Conley House Restoration 2000

Here are a few photos of my house, taken during 2000, to show the progress in rehabilitating the structure after our January 7, 1998 fire.  Work didn't start until the late summer of 1999, and my contractor Rick Stein worked on another project during all of January, 2000 and part of February. These interior pictures are not as exciting as the exteriors.

The first batch was taken in February, as wallpaper was stripped and plaster was repaired:

The stairway without its dingy paper, and with the medallion totally cleaned.

This is the front room.  You can see all the cracks in the plaster which have been taped with a nylon tape and skim coated with new plaster or joint compound.

  You can see the mantel looking better.

The parlor plaster is getting repaired, and the old baseboards, which had been cut in several places, has been removed for replacement.

These were taken in March and April--you can see the difference

The walls have been renewed--this is just before they started work on the floors and emptied out the room.

  These two photos are of Eddie Nelson's repainting of the mirrored fireplace screen in the parlor--they will still have to do more repainting of the part marble, part metal fireplace.

More work from April:

  Rick edged the wood floors with a small sander before he started using the floor unit.  He had a small floor sander when he started upstairs but a painted floor in the upstairs kitchen gummed up its pads in no time.

Tearing out the chimney in the hallway, next to my new office. This area had been closed in by one of the previous owners and used as a closet, and we had our washer and dryer next to it. With modern energy efficient furnaces you don't need a heavy chimney. Unfortunately, very few of these bricks were usable by the time Rick got them knocked out.

The hallway without the chimney.  You can see all the extra space for file cabinets or other equipment. there will be a skylight at the place the chimney cut through the roof.

This is the same area as in the last picture but with a new floor. Rick took  pieces of wood he salvaged and matched them to new materials to get a uniform appearance once sanded.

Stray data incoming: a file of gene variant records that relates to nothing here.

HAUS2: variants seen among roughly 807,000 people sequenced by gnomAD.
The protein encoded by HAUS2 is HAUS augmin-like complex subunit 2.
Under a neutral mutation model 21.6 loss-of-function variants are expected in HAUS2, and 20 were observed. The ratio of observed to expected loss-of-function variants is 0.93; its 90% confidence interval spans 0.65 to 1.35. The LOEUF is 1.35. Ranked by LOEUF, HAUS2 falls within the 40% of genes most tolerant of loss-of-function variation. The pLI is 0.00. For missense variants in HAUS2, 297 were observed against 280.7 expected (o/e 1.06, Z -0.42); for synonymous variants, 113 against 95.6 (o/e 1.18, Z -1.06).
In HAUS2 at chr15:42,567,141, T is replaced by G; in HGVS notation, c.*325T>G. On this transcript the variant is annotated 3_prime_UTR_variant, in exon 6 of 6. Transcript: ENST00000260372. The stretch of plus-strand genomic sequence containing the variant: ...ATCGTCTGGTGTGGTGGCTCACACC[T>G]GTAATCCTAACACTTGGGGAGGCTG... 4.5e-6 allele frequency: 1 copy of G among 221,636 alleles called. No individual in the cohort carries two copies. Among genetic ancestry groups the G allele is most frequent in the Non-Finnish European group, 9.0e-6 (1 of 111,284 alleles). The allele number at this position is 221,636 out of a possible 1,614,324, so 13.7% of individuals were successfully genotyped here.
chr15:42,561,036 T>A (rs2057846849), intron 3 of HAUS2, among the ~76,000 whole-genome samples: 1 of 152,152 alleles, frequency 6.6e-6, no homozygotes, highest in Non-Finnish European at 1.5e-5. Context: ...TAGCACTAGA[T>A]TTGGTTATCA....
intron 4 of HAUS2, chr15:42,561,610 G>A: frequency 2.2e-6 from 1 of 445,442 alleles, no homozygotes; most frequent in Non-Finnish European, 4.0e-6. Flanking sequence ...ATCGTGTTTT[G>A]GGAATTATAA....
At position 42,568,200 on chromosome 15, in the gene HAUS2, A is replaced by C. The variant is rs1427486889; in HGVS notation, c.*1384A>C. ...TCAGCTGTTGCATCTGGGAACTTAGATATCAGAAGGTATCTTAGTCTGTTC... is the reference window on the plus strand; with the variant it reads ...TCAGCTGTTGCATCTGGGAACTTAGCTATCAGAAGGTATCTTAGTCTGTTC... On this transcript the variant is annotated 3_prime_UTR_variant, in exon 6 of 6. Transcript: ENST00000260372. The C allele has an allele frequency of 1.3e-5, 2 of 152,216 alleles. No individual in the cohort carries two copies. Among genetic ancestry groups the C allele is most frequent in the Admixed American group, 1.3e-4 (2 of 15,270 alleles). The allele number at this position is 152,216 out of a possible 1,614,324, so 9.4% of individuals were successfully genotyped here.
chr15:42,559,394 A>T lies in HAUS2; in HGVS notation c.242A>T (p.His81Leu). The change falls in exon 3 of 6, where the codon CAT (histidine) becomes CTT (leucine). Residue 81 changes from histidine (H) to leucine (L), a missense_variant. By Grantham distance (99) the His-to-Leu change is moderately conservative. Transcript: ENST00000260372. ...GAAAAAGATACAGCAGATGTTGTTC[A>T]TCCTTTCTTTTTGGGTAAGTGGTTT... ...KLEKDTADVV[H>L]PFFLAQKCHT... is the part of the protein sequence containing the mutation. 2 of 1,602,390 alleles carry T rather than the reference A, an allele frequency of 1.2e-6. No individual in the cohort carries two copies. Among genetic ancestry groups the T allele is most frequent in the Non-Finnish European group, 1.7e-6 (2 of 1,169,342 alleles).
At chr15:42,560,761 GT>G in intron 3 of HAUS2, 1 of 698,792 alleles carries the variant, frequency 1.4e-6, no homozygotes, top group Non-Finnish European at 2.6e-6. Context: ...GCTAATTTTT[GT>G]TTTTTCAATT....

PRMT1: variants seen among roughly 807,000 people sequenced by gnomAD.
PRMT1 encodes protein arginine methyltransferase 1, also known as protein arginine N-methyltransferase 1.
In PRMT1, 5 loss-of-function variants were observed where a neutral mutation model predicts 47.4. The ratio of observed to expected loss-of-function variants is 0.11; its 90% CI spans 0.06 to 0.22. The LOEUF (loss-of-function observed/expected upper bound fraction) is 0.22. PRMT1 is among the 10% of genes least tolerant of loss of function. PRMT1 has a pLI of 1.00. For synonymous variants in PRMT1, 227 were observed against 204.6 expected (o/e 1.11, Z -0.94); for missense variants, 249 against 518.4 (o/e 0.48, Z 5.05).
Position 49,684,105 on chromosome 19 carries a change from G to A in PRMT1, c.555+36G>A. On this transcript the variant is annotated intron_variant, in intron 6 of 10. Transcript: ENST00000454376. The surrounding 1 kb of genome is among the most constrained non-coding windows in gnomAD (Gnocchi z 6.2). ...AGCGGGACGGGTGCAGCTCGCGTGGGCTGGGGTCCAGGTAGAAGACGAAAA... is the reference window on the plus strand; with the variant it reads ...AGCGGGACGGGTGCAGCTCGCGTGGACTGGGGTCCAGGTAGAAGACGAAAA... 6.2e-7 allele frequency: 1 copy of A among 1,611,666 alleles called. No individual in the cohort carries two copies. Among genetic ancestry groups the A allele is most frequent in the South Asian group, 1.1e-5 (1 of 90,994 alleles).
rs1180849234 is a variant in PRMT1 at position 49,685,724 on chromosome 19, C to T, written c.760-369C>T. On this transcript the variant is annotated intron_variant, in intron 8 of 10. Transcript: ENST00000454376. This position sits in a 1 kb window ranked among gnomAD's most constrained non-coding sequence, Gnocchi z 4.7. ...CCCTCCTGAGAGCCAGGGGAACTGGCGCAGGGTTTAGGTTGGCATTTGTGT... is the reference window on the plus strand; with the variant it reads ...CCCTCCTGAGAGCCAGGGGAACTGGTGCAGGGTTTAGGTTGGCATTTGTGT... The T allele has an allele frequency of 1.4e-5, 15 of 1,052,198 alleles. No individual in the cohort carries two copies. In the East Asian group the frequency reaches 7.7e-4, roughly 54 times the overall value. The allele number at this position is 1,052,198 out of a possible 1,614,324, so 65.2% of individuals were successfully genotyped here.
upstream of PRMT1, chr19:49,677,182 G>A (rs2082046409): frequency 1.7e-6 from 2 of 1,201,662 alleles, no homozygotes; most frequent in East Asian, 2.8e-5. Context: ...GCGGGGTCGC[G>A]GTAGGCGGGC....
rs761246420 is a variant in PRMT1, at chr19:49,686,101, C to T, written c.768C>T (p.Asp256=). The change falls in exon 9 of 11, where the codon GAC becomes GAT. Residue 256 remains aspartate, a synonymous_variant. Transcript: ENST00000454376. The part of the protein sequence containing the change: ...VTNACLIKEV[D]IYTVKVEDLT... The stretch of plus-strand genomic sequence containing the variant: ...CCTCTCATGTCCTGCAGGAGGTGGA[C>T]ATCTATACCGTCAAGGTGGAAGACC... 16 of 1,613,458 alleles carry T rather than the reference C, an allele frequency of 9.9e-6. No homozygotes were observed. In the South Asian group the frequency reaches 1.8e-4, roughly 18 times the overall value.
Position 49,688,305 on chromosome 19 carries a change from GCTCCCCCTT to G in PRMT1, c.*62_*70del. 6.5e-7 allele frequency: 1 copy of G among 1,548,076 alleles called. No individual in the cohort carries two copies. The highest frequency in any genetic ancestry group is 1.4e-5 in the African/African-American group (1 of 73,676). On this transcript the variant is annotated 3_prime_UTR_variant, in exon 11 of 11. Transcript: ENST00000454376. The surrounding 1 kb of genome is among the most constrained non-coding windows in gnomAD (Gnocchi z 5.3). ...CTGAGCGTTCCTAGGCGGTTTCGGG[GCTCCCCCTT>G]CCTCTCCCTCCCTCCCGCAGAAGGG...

A good view of the kitchen floor, which has been a real problem.  I wonder if some of the linoleum or glue didn't melt into the old pine floorboards.  You can see the bare floor on the right, the vinyl on the left, and the mess in between. Rick thinks the wood floor had been replaced in 1913, since the bottoms of our floor to ceiling cabinets are different than the rest of the kitchen.

The upstairs sitting room is ready for floor varnish and baseboard repairs. This is one of the few areas of the house with painted woodwork.

  An unfortunate detour, Rick discovered that the roof above the chimney, which was a small section of the family room roof remaining after the room was replaced, contained seven layers of wet roofing.  Only the original metal roof was preventing serious damage. A necessary extra.

Rick borrowed a backhoe to level out the backyard, remove some bushes, and dig the trench for the new sewer and electric service.  A new garage is a long-term project.

One of our supervisors. He has his own entrance by the cat room, with access to the private areas of the house.

These were taken in May. The hallway doors cleaned up nicely. Rick doesn't think the doors were installed in the original construction, and he wonders if they might have been salvaged from the 1828 White County courthouse, which was raised in 1883. They look similar to photos he has seen of the old building, and are totally unlike any other door in the house.

This room was originally called the music room, and will serve as my office.  The floor had a very dark stain on it, and Rick and Eddie bleached it after sanding and chemically stripping to get a more compatible appearance.

A shot of the upstairs hallway, where the edge of the oak floor installed in the 1970s used to butt against the stair rail. Rick removed a strip of flooring and added a rounded piece of molding.

The back of the hallway awaiting drywall.

The artist using sandpaper and a chisel to clean a corner.

June and July were dedicated to finishing the floors This is the upstairs sitting room that had oak floors added in the 1970s.
The stairs look a bit better with varnish.

This plank type floor is in the original parlor, which we used as a bedroom and will eventually become a workroom and guest bedroom.  I prefer the hardwood floors, but visitors like these original poplar or oak floors.